Throughout the University of Toronto’s long history, we have seen intense periods of dramatic expansion in the size of our student body. Each of these episodes has required the hiring of additional faculty and staff, who, over time, have shaped the character of our university.
Today we find ourselves in the midst of another great hiring cycle. This provides us with the unique opportunity, in accord with our new academic plan, “Stepping Up,” to attract a new generation of outstanding professors, and fulfil our aspirations of becoming one of the world’s leading public teaching and research universities.
Our need to hire new faculty is being driven primarily by demographic change, including the incredible recent immigration to the Greater Toronto Area. Moreover, the large body of faculty hired in the 1960s is reaching retirement age and needs to be replaced. The university has already embarked on expansion with the planned enhancement of the University of Toronto at Scarborough (UTSC) and the University of Toronto at Mississauga (UTM). Over the next five years, UTM and UTSC will grow from about 4,000 students per campus to around 11,000, which means they require additional faculty members beyond the normal replacement levels. Both campuses will now have autonomous departments, enhanced graduate education and a more intensified research focus. These factors demonstrate the need to hire high-quality faculty who will have the capacity to shape the future academic success of UTM and UTSC.
The hiring that we do today will define the University of Toronto for the next several decades. We have a responsibility to hire the best talent available. We must be able to compete with the world’s leading public teaching and research universities for the good of Toronto, Ontario and Canada. In concert with our heightened ambitions, we have enjoyed the great support of our alumni through initiatives such as the Jackman Chairs in the Humanities, and the support of government through the Canada Research Chairs Program, the Canadian Foundation for Innovation and the Ontario Innovation Trust. All of these initiatives have allowed us to compete on a level playing field in the international arena of academic hiring. They have helped us to retain outstanding Canadian graduates and recruit Canadians to return home from abroad. They also enable us to hire from among the best international talent, pursuing quality while also addressing equity issues. Our hiring practices are both proactive and rigorous: along with proven research expertise, a candidate must demonstrate strong teaching ability.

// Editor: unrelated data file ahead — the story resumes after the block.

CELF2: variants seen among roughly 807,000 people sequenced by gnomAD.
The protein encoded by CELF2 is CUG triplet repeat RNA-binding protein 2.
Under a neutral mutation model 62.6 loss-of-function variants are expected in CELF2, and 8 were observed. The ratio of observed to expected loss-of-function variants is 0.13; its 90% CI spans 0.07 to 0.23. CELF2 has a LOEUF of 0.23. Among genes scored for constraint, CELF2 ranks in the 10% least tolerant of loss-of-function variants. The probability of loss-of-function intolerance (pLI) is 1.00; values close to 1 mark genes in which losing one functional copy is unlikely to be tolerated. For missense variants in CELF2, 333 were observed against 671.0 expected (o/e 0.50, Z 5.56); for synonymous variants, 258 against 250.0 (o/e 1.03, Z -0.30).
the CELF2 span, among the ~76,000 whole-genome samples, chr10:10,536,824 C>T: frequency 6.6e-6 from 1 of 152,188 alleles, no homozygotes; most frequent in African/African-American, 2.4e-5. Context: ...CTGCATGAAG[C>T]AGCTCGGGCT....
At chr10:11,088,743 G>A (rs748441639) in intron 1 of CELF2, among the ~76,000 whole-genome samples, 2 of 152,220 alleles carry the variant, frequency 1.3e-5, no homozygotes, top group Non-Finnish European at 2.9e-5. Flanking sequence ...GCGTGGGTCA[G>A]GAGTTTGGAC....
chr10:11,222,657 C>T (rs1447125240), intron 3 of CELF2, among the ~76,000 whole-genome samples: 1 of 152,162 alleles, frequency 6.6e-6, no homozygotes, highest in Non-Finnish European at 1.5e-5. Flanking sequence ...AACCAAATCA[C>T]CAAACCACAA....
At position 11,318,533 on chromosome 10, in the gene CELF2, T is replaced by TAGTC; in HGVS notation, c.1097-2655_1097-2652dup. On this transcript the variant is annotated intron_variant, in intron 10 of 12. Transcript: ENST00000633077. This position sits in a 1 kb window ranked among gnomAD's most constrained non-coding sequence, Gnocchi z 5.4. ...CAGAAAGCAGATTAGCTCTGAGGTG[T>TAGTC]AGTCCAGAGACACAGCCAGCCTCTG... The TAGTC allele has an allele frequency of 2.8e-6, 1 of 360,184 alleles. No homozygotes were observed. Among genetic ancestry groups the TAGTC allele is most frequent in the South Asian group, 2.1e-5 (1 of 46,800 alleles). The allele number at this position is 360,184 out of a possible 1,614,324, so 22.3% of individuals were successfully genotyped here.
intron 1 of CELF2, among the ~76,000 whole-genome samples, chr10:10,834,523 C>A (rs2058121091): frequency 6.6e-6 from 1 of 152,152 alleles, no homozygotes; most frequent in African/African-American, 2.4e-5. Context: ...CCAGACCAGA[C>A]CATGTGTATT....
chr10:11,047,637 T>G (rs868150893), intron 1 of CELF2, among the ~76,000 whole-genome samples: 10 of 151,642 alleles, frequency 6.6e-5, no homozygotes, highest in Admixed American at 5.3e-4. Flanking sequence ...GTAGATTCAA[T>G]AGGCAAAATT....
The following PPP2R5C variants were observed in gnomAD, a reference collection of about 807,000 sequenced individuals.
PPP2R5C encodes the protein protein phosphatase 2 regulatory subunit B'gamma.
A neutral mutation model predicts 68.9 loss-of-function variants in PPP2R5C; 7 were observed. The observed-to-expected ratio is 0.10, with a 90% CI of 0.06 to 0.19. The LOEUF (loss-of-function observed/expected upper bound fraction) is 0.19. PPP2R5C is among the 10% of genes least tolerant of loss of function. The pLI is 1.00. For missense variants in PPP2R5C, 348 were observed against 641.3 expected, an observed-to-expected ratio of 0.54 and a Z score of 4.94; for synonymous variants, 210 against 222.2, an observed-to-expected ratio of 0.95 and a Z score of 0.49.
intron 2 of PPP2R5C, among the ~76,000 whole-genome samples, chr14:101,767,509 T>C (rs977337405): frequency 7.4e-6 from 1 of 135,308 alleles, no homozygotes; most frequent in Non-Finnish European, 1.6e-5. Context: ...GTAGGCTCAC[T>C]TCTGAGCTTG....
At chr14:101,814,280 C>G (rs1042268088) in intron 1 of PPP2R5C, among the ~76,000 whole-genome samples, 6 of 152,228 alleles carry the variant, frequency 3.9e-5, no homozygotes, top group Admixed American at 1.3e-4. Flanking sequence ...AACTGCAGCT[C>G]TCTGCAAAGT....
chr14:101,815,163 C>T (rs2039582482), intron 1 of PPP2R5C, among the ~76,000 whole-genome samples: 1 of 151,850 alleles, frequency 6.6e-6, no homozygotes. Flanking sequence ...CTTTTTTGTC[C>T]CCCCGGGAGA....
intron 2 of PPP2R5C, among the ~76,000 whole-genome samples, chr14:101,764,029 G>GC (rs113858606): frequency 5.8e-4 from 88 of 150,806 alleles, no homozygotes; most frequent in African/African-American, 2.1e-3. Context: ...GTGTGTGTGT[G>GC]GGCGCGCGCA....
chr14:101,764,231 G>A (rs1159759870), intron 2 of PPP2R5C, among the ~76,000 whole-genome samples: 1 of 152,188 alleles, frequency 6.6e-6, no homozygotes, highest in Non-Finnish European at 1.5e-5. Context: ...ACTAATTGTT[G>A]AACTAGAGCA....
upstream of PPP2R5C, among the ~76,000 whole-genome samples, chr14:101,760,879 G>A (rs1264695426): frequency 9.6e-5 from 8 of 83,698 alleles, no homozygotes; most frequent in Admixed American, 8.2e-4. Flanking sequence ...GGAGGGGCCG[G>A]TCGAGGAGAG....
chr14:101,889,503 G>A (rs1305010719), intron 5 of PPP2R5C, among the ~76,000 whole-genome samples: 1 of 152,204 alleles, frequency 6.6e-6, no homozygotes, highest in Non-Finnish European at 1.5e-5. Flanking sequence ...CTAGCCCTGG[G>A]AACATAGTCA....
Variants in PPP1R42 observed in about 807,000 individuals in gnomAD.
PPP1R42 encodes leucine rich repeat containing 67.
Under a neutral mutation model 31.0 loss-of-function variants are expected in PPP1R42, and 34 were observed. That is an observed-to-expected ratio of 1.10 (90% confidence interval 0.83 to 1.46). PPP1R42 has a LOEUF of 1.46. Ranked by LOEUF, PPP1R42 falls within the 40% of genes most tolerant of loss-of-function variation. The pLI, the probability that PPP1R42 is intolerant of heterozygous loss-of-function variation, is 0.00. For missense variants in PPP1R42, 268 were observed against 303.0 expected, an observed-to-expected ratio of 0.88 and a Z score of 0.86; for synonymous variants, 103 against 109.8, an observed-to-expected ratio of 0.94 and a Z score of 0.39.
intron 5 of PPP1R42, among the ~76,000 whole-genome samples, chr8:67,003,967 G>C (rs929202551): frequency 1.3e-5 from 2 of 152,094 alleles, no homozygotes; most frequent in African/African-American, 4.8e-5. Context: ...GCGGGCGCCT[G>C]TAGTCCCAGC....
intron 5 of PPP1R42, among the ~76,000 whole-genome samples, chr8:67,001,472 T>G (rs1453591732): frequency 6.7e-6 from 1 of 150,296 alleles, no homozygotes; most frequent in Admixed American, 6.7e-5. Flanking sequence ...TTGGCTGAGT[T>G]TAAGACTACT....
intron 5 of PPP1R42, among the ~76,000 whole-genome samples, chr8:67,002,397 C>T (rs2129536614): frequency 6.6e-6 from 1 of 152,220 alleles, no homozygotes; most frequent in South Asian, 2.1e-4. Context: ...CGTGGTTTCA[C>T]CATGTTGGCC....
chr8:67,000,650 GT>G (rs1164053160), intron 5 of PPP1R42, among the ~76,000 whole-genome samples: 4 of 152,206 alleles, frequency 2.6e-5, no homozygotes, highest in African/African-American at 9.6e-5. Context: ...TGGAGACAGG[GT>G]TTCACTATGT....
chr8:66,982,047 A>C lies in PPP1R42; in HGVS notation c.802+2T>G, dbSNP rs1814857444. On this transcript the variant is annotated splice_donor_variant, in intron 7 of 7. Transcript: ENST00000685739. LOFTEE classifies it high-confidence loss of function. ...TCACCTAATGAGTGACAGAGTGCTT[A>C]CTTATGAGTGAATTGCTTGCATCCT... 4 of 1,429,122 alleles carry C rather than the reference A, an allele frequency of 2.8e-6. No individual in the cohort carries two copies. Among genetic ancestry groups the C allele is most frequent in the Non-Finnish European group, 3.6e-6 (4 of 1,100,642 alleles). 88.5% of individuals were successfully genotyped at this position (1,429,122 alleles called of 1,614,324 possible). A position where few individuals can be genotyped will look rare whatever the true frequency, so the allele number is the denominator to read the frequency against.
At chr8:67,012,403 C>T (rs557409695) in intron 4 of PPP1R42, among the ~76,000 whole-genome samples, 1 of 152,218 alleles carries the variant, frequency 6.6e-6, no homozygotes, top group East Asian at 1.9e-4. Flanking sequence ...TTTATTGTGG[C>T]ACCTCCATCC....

In the past four years the University of Toronto has hired 500 new professors, more than half at the assistant professor level. Canadian universities, including the University of Toronto, contributed 40 per cent to the total; 45 per cent received their degrees from premier universities in the United States; and about 15 per cent were hired from abroad. In each of the four years more than one half of the hires were Canadian citizens, a reflection of our ability to repatriate some of our best talent from abroad. Of the new hires, 35 per cent are women and 25 per cent are visible minorities.
One measure of the quality of our new professors has been their success in garnering prestigious Sloan Research Fellowships, which support and recognize young academics, many of whom are holding their first university appointments, in fields such as economics, computer science and physics. When averaged over the past four years, the University of Toronto stands 13th among North American universities, both public and private, in the number of new Sloan Fellows.
Our goal in hiring is to have a university where every single department in every faculty competes effectively internationally. Clearly, this is an effort worth making, and one that will guarantee our students the very best education possible and improve Ontario’s position in the knowledge-based world of the 21st century.
A U of T lab is working with actors, writers and directors on how they could harness AI and other emerging technologies to generate new ideas and – just maybe – reinvent theatre